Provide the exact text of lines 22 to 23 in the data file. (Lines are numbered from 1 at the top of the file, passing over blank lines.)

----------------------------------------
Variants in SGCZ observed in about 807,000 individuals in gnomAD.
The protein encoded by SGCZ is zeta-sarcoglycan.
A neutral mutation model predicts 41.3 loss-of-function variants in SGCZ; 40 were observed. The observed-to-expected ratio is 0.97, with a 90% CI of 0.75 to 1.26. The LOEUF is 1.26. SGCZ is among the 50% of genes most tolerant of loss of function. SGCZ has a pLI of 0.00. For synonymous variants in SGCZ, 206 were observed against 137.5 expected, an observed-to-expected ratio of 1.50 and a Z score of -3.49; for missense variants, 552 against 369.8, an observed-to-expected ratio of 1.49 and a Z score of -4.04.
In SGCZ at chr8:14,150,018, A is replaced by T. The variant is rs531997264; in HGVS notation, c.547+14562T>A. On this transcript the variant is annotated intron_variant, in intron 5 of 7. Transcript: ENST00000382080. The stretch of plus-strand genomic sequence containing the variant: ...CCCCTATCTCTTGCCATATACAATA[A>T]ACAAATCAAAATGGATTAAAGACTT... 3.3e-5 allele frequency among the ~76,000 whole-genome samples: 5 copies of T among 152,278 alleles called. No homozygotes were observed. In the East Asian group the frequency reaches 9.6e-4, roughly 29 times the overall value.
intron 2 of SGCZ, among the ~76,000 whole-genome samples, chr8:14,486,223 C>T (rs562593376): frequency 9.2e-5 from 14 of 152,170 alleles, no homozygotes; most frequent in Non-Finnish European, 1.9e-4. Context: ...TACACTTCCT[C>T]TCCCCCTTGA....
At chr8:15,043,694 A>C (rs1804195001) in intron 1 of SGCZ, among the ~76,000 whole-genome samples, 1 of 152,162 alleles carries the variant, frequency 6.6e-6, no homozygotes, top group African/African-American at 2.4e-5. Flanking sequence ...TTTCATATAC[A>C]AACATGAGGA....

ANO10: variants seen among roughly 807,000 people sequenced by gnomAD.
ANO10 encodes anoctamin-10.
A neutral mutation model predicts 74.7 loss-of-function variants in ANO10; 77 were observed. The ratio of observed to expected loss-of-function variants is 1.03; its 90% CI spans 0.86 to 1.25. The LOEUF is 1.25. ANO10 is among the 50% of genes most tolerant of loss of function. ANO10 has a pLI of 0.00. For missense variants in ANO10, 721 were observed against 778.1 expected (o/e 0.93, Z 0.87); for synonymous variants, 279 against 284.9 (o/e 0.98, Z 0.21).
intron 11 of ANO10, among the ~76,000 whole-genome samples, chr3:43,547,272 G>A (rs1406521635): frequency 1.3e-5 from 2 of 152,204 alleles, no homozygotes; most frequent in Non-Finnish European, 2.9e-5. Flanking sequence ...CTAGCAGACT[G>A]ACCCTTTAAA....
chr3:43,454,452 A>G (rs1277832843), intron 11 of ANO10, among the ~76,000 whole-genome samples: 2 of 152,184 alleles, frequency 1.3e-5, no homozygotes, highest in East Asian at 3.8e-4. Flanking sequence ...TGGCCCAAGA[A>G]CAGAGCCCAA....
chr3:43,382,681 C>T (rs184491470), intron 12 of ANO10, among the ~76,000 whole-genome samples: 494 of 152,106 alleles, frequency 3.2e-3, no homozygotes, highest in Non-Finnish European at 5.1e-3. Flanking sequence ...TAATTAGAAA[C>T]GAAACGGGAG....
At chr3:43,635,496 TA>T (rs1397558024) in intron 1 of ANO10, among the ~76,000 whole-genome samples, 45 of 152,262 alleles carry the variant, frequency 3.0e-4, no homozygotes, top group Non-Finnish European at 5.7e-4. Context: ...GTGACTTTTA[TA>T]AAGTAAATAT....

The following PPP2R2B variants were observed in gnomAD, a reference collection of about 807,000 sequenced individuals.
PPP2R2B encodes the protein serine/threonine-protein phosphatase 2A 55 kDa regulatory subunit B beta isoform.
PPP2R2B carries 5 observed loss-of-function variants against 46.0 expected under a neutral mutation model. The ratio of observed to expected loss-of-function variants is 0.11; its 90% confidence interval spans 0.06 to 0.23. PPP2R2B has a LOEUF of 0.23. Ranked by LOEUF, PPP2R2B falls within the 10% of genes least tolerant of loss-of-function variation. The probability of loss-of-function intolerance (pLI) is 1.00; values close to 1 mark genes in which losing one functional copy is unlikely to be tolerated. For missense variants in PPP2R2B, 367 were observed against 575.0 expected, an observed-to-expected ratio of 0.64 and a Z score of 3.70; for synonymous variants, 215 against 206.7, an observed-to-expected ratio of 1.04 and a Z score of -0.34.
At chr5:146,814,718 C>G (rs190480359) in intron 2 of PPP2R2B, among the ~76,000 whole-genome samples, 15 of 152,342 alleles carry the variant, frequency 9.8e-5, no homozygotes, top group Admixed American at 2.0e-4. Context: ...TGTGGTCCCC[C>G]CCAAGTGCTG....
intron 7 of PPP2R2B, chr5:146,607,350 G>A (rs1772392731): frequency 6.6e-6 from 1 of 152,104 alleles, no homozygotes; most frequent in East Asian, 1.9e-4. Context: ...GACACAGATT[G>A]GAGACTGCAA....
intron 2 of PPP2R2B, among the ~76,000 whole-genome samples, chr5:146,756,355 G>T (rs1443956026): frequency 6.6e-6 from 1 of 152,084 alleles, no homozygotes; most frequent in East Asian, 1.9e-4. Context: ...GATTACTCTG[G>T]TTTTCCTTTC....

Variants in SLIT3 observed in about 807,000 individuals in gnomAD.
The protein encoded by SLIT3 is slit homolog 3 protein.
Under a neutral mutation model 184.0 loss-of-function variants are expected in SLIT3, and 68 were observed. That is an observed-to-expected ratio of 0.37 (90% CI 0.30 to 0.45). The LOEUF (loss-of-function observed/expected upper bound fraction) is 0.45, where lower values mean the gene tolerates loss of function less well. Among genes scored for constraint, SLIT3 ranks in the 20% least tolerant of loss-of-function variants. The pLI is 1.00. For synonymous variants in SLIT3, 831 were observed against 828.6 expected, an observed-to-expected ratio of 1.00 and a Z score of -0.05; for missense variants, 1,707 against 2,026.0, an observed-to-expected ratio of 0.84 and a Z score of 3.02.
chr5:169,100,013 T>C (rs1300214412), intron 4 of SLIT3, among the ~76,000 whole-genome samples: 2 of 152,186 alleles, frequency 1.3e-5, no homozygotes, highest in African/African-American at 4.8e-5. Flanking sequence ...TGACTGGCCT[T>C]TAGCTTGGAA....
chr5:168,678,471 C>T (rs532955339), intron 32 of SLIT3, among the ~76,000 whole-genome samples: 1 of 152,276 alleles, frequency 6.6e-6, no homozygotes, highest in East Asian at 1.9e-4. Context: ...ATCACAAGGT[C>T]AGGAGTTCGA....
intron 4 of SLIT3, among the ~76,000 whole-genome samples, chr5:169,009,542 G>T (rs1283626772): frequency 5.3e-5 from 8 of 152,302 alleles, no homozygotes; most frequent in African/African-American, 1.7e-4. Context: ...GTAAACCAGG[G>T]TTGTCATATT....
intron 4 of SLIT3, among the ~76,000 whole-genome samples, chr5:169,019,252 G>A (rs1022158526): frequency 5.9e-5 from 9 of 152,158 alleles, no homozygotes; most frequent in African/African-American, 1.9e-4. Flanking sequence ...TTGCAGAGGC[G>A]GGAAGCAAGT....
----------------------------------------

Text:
Under a neutral mutation model 184.0 loss-of-function variants are expected in SLIT3, and 68 were observed. That is an observed-to-expected ratio of 0.37 (90% CI 0.30 to 0.45). The LOEUF (loss-of-function observed/expected upper bound fraction) is 0.45, where lower values mean the gene tolerates loss of function less well. Among genes scored for constraint, SLIT3 ranks in the 20% least tolerant of loss-of-function variants. The pLI is 1.00. For synonymous variants in SLIT3, 831 were observed against 828.6 expected, an observed-to-expected ratio of 1.00 and a Z score of -0.05; for missense variants, 1,707 against 2,026.0, an observed-to-expected ratio of 0.84 and a Z score of 3.02.
chr5:169,100,013 T>C (rs1300214412), intron 4 of SLIT3, among the ~76,000 whole-genome samples: 2 of 152,186 alleles, frequency 1.3e-5, no homozygotes, highest in African/African-American at 4.8e-5. Flanking sequence ...TGACTGGCCT[T>C]TAGCTTGGAA....